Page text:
The MGM Springfield’s revised site plan application has been deemed complete paving the way for the $950 casino project proposal to be reviewed by the City council and public hearing, according to an announcement on Monday by city officials.

The announcement comes after MGM Springfield’s development arm, Blue Tarp Redevelopment LLC, was sent a “determination of incomplete application,” last month by the city’s director of planning, Philip Dromey.

Per the city’s zoning requirements, now that the plans have been determined to be complete, a public hearing on the plans must be scheduled by the City Council within 45 days. Philip Dromey, the city’s deputy director of planning, said that the council will have the power to vote on conditions and amendments once the public hearing is held, according to Mass Live.

The application was returned after the city was notified by MGM Springfield of its proposed 14 percent reduction in size of the overall casino project, which was actually determined to be 9.71 percent. That followed a prior notification of change by MGM to eliminate a 25-story hotel tower and replace it with a six-story hotel maintaining the same 250 rooms. The downsizing was due to changes to the hotel plans and the need for less elevator-related space. However, the larger part was due to a lessening of back-of-the-house operations, according to MGM.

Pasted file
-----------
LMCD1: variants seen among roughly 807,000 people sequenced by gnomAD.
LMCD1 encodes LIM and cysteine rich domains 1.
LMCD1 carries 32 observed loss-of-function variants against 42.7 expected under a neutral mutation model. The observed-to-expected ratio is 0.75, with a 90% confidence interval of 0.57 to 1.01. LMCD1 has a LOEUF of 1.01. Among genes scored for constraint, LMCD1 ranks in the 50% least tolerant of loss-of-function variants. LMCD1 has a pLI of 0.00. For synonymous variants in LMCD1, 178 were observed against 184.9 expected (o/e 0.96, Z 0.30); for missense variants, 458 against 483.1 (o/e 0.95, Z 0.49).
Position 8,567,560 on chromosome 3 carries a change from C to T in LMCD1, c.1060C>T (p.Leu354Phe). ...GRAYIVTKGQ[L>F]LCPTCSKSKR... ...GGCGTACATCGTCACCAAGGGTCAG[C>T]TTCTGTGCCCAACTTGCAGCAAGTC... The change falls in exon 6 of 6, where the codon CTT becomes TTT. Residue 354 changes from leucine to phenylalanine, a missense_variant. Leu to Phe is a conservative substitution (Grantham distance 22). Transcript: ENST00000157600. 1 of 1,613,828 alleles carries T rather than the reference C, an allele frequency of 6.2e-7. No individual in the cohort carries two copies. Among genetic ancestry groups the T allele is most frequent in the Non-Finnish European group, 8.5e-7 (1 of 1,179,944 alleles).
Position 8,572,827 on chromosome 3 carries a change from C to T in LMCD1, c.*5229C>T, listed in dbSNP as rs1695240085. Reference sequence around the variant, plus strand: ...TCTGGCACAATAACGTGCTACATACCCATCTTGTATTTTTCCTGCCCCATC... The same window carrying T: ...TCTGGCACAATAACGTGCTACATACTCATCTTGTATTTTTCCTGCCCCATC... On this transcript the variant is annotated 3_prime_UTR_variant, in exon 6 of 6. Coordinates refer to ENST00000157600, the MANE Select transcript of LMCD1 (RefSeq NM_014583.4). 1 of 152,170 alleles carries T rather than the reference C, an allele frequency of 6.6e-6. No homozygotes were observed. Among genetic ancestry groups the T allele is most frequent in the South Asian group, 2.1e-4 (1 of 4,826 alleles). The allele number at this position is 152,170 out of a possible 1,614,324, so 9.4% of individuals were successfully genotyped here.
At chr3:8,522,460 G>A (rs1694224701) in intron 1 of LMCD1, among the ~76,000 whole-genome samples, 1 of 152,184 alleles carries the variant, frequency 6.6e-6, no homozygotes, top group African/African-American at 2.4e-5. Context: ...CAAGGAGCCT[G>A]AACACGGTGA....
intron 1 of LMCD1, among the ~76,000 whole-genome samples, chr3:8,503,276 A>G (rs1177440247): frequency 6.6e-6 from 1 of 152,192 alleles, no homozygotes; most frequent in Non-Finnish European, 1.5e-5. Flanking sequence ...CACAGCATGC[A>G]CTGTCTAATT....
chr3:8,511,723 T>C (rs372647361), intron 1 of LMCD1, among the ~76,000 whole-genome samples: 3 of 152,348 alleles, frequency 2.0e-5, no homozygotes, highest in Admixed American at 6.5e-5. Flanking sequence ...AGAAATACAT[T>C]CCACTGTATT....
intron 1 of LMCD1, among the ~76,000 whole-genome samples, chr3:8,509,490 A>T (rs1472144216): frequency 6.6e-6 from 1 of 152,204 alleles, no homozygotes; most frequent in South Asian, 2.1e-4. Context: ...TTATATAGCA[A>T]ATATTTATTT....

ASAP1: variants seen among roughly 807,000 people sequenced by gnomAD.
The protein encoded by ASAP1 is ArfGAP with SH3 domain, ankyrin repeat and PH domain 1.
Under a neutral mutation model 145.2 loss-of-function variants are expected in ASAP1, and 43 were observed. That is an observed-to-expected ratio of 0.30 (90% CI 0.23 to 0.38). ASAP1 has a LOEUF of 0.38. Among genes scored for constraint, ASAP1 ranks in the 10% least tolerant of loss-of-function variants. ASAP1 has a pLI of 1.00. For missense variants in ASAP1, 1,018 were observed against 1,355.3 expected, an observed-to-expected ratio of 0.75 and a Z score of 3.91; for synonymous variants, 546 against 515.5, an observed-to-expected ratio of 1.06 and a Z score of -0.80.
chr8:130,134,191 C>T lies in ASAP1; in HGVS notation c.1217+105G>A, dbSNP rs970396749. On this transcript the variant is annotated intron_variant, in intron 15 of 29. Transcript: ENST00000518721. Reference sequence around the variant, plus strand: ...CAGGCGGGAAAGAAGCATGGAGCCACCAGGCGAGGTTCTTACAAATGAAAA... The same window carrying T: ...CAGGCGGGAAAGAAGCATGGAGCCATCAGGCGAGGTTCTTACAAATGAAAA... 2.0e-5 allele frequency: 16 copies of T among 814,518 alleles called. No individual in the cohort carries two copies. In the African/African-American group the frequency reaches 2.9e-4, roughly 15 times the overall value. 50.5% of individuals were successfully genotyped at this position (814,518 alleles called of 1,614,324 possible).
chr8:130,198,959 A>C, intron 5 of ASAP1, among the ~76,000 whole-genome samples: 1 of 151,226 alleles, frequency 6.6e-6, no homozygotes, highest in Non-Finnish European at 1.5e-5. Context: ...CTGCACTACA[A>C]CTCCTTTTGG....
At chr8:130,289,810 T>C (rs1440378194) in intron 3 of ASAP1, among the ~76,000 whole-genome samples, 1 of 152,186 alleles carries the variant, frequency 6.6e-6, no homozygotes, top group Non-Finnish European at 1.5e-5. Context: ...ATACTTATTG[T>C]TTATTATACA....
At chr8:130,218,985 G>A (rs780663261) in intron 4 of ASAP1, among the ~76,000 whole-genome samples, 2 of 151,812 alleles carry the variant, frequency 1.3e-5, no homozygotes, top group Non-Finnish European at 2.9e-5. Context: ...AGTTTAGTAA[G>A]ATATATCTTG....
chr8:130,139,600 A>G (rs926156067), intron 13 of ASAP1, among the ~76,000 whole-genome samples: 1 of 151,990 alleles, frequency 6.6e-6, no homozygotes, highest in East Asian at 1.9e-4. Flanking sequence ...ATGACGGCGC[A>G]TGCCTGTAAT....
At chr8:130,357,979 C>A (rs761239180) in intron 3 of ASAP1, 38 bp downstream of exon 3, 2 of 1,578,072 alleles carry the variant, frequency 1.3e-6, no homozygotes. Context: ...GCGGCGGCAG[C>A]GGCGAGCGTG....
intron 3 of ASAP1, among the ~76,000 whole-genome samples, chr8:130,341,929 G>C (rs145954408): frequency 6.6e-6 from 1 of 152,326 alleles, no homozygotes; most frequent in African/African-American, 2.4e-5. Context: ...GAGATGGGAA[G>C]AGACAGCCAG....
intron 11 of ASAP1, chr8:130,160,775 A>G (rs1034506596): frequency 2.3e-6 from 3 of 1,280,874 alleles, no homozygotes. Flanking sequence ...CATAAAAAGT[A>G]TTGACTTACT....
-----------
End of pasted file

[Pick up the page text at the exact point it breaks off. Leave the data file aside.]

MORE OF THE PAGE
In order for the site plan submission to be considered, MGM Springfield was required to submit numerous documents and explain how the proposed project changes meet certain specified criteria. Those requirements were in response to questions raised by the city’s internal staff and consultants, according to City Solicitor Edward Pikula, and City Chief Development Officer Kevin Kennedy. Arrival of the plan application has been awaited by city counselors so that the review can progress. The City Council and Mayor Domenic J. Sarno both need to approve any substantial changes to the design.

Last Wednesday at CityStage in Springfield officials from MGM publically presented its latest plans, and explained the major changes to the project. They also announced a $150 million increase in the project’s cost. Those same details will be presented by them to the Massachusetts Gaming Commission on December 3.

The project that is considered to be the largest private development in generations for the western portion of Massachusetts has been delayed to late 2018 mainly due to a highway project going on in the area. In addition, the Mashantucket Pequot and Mohegan tribes of neighboring Connecticut who run competing casinos were authorized by the state to open a third tribal casino near the border.

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